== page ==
The only exception would be Lee’s dispatch of General Jubal A. Early to the Shenandoah Valley where he outmatched every Union commander until Grant sent General Philip Sheridan to lead the Union effort in the Valley. He eventually defeated Early and deprived Lee’s army of the provisions from this breadbasket of the Confederacy.

Grant realized a fundamental truth. In order to win the war he needed to defeat Lee’s army. Once the South was deprived of the veteran army which was led by their national hero, they would surrender and end the war.

Grant traveled with the Army of the Potomac which was commanded by General George Gordon Meade. Grant set the strategy and Meade mostly carried out the tactics. After the bloody three-day Battle of the Wilderness, the troops expected to withdraw across the Rapidan as “Fighting Joe” Hooker had done after the Battle Chancellorsville.

But Grant had ordered that the pontoon bridges across Germanna Ford on the Rapidan and Lee knew it. Here is how Noah Andre Trudeau in Bloody Roads South relates what occurred at about 8:30 PM on May 7th.

Generals Grant and Meade, with their staffs and escort…started out by the Brock Road, along which Hancock’s men were lying behind the works in which they had been fighting so hard.

A Second Corps soldier recalled later: Shortly after dark a loud cheer suddenly uprose on the right, and was taken up by regiment after regiment, as Generals Grant and Meade, with their staffs, moved toward the left in the direction of Spotsylvania Court House.

A soldier from the 19th Maine was uncertain of the time but he vividly described the scene:

…while the Regiment was resting by the roadside and awaiting developments, Generals Grant and Meade, accompanied by their staffs, rode along and halted at General Hancock’s headquarters…The burning woods lighted up the scene, and when the faces of the commanders were recognized, wild cheers echoed through the forest.”

For two years the Union Army of the Potomac had turned back, retreated and withdrew. No more. One Ninth Corps artilleryman summed up the feelings of many of his fellow Union soldiers:

The rank and file of the army wanted no more retreating, and from the moment when we…continued straight on towards Spotsylvania. I never had a doubt that General Grant would lead us on to final victory.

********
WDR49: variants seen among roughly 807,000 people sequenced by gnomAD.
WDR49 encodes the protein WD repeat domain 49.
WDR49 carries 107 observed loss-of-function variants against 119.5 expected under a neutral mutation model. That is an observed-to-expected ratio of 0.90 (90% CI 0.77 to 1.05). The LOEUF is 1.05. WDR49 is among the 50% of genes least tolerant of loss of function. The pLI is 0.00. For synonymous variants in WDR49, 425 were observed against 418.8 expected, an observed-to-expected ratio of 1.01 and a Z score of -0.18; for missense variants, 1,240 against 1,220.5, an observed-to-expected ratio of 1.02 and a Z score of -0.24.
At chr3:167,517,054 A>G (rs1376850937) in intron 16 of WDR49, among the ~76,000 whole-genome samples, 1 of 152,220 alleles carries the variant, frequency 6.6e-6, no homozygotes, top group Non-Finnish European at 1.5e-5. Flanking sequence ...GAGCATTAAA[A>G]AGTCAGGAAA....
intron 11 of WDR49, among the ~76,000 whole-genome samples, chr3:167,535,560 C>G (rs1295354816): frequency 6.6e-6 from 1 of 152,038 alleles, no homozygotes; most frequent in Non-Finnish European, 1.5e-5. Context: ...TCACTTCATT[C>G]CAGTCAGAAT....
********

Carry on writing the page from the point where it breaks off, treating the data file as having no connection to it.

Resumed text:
Neither did Abraham Lincoln. After all, after the Battle of Shiloh when the criticism of Grant’s leadership was called into question, the President said: I can’t spare this man; he fights.

01/29/14

The Decision that transformed the Civil War

This entry is part 2 of 11 in the series 1864: The Year of Decision

Ulysses S. GrantOver the course of his presidency Abraham Lincoln made a number of decisions that changed the direction of the war. His initial response to the firing on Fort Sumter was one such decision. Another was the issuing of the Emancipation Proclamation that added a new dimension to the conflict: the freeing of the slaves.

But the decisions that he made on March 9, 1865 were to to have ramifications right through to the end of the war and beyond. For it was on that day that he appointed General Ulysses S. Grant as General-in-Chief of all of the Union armies and General William T. Sherman as his replacement as overall commander of the Union armies in the Western Theater.

Up to this point in the conflict, Lincoln’s record of appointments of general officers was mixed at best. At the onset of the war the Union armies had a mix of professional soldiers and politicians as their commanders. George McClellan was a professional while his successor Ambrose was both a professional and a politician. Benjamin Butler and Nathaniel Banks were both politicians.

Lincoln felt that he needed the Democrat politicians on his side in order to have the Union war effort be seen as bi-partisan. All of the above officers and a number of other ones were by and large Democrats.

As the war progressed most of these men were found wanting and the professional, West Point-trained officers began to rise to the top of the command hierarchy. That’s not to say that they were always the best choice but overall they were the most competent officers available.